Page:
As human bodies age, local abdominal fat could increase gradually. The abdominal fat is anatomically categorized as visceral and subcutaneous (deep and superficial); the deep fat is associated with increased metabolic and cardiovascular risks (Kuk et al., 2006). For overweight individuals, the most common prescription for the fat reduction is calorie restriction and increased physical activities (Thomas et al., 2000). Some obese people may require medications and gastric surgeries depending on their response to the lifestyle interventions. But individuals who are not overweight, some complained of exercises being ineffective for the reduction of abdominal fat (Vispute et al., 2011). As a result, invasive laser assisted liposuction has been invented to reduce the superficial fat thickness (Goldman, 2006); non-invasive approaches such as therapeutic ultrasound (TU) has been used for the same purpose with preliminary evidence (Garcia and Schafer, 2013). However, no study has been done to observe if a non-obese subject’s one side abdominal area receives TU while the contralateral side serves as a control.
This case report was based on one non-obese female. Her age was 38, bodyweight was 55.4 kg and height was 150 cm. She complained of her abdominal contour asymmetry at umbilical level after the laser-assisted liposuction performed two years ago, she had not noticed the pre-operative asymmetry. The contour asymmetry is a common adverse event of the liposuction (Dixit and Wagh, 2013). Except the complaint, she was physically and mentally sound.
In order to quantify the contour asymmetry, a novel setting of sonographic scan for superficial abdominal fat was prepared in which B-mode ultrasound transducer (NanoMaxx, SonoSite Inc., USA) was held statically 4 cm lateral to umbilicus and floated at the top of abdominal skin (Fig. 1), thus the weight of the transducer would not deform the fat and affect the accuracy of the thickness measurement. The measurement showed that the subject's left side (affected side) was 48mm and the right side was 37 mm. Since the subject preferred the non-invasive approach for her asymmetry issue, she agreed to receive 40KHz TU for reducing the fat thickness of her left abdomen while the right abdomen (control side) needed no treatment; the sound wave was delivered at pulsed mode (300ms on: 300ms off) and the average intensity of 1W/cm2 for 15 minutes in each treatment (KUL-40, King Ultrasonic, Taiwan), a total of 9 treatments which were evenly distributed three times a week for 3 weeks.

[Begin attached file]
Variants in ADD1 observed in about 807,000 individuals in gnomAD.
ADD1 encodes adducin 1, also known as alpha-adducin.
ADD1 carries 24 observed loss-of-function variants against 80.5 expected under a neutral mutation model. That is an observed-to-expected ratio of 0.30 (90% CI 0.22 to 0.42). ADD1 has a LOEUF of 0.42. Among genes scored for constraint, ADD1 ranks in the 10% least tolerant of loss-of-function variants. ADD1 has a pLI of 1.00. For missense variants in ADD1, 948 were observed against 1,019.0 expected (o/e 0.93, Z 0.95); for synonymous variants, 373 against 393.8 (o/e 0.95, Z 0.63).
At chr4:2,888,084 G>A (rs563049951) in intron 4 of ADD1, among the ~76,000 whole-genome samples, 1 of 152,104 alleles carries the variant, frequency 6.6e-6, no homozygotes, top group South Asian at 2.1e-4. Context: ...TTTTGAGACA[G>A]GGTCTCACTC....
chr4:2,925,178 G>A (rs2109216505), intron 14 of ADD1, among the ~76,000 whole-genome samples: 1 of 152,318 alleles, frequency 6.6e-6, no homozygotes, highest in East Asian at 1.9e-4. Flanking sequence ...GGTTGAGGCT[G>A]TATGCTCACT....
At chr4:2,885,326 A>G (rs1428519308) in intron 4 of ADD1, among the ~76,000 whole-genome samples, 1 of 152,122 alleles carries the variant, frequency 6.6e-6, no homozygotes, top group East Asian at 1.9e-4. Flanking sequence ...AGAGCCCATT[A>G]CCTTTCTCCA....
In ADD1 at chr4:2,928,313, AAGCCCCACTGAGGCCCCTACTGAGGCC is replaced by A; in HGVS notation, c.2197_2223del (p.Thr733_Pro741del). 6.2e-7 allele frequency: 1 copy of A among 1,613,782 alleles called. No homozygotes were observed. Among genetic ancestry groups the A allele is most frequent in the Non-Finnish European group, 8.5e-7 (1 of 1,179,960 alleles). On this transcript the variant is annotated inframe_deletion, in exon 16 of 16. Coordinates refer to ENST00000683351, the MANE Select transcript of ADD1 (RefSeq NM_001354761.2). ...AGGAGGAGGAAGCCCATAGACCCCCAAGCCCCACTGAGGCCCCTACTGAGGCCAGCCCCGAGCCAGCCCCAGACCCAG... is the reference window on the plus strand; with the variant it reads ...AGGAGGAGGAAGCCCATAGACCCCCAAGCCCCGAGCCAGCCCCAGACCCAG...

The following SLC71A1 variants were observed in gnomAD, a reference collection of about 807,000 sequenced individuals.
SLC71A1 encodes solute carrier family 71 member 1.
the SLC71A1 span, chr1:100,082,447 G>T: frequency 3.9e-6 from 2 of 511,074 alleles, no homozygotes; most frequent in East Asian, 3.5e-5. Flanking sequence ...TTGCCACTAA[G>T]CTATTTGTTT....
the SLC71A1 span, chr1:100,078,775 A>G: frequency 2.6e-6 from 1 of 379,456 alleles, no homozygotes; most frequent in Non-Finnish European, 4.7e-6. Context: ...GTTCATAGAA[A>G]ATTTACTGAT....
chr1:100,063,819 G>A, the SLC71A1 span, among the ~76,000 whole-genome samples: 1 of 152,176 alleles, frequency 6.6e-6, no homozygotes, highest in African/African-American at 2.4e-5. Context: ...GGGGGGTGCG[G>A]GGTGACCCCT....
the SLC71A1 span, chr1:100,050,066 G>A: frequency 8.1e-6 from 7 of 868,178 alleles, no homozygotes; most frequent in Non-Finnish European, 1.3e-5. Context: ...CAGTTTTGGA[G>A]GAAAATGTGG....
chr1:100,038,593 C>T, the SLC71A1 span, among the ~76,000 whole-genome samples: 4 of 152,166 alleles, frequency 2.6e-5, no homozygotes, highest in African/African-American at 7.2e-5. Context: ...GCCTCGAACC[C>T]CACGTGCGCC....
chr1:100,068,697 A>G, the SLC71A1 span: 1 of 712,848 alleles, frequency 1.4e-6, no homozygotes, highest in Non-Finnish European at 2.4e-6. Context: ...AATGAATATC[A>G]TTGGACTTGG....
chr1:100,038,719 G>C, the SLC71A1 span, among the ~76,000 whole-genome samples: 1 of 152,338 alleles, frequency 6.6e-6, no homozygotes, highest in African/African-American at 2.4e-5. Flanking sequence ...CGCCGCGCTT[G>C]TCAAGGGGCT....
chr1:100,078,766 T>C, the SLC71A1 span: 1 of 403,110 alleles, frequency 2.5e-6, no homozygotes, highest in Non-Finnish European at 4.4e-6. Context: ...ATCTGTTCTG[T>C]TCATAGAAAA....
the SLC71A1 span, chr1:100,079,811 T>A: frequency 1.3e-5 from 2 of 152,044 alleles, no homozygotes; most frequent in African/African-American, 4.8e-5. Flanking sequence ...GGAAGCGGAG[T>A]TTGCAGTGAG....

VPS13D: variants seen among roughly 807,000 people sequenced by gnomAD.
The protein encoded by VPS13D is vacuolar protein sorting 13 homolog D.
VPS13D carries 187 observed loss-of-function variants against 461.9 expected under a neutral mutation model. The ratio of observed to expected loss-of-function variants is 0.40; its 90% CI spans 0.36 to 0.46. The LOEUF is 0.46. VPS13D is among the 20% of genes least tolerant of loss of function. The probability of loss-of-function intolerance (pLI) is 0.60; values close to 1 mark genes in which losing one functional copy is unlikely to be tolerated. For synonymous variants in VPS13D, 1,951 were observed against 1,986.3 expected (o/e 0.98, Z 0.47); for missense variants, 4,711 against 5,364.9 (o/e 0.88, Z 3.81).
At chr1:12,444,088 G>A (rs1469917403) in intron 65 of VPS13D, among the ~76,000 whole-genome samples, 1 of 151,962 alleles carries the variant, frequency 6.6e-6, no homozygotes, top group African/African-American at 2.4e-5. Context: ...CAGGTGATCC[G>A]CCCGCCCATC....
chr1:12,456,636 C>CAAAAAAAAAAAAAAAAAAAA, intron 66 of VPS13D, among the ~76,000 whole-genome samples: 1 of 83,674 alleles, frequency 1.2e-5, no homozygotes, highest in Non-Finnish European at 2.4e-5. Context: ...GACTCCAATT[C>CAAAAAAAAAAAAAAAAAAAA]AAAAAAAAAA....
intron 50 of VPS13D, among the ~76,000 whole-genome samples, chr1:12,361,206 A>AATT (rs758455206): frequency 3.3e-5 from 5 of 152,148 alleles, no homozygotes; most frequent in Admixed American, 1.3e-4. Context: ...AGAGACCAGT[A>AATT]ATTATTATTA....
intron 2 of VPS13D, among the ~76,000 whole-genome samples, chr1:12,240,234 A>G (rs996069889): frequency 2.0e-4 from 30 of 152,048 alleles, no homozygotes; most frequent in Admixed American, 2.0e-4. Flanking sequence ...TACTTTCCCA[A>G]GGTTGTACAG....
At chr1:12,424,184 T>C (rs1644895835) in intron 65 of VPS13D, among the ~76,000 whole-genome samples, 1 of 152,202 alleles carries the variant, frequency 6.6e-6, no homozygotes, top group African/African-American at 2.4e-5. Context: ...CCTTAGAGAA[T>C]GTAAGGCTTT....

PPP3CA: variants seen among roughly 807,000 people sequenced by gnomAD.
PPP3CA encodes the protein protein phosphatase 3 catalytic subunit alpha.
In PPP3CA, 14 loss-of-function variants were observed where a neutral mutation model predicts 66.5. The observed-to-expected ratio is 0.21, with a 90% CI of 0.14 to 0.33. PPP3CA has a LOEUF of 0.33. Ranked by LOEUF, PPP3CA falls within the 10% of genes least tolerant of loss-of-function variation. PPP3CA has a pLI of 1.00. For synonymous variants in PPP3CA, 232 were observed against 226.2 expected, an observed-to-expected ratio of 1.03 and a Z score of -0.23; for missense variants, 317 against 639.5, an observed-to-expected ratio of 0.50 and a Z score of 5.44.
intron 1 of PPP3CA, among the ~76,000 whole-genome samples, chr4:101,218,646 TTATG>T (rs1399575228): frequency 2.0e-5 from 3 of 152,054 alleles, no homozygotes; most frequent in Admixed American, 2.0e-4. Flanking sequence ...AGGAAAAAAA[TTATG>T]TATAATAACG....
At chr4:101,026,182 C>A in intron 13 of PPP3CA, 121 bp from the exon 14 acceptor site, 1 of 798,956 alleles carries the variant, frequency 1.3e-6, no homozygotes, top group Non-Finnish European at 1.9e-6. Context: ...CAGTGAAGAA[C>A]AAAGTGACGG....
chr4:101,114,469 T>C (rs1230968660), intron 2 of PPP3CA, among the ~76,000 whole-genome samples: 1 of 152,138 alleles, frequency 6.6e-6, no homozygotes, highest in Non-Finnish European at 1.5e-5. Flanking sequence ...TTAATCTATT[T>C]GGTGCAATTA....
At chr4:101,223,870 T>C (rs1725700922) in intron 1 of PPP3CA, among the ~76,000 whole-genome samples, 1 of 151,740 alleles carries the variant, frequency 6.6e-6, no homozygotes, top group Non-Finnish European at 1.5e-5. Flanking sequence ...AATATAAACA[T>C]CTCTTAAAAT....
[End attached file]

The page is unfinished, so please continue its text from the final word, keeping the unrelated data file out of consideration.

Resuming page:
After 3-weeks treatment, the subject was scanned using the above sonographic measurement (Fig. 1) that showed that the left side (affected side) was 41 mm (-14.6% thickness as 7 mm out of 48 mm), while the right side (control side) was 35 mm (-5.4% thickness as 2 mm out of 37 mm). In our department, the sonographic measurement had fair intra-rater repeatability as the test-retest difference was fewer than 5% at two-weeks interval based on the data of 12 non-obese adult females, thus, the reduction of fat thickness after the treatments was regarded substantial.
Bani et al. (2013) observed microscopic changes of the abdominal fat invasively suctioned from three obese subjects whose right abdomen pre-treated with TU and the left side without TU, they found that the adipocytes treated with TU were significantly smaller in size which signifies the triglyceride leakage. The present case report was based on a non-obese person who had complaint of her abdominal fat thickness asymmetry after liposuction; the asymmetry was reduced after the TU and the reduction was confirmed using B-mode ultrasound. Basically, the finding of the above two studies are rather parallel as the TU produced a lowering effect on the abdominal superficial fat.
While the present report suggested that the 40 KHz ultrasound could be used to minimize the abdominal contour asymmetry after liposuction, it still needs to be further confirmed in a study with adequate sample size.
Effects of therapeutic ultrasound for contour asymmetry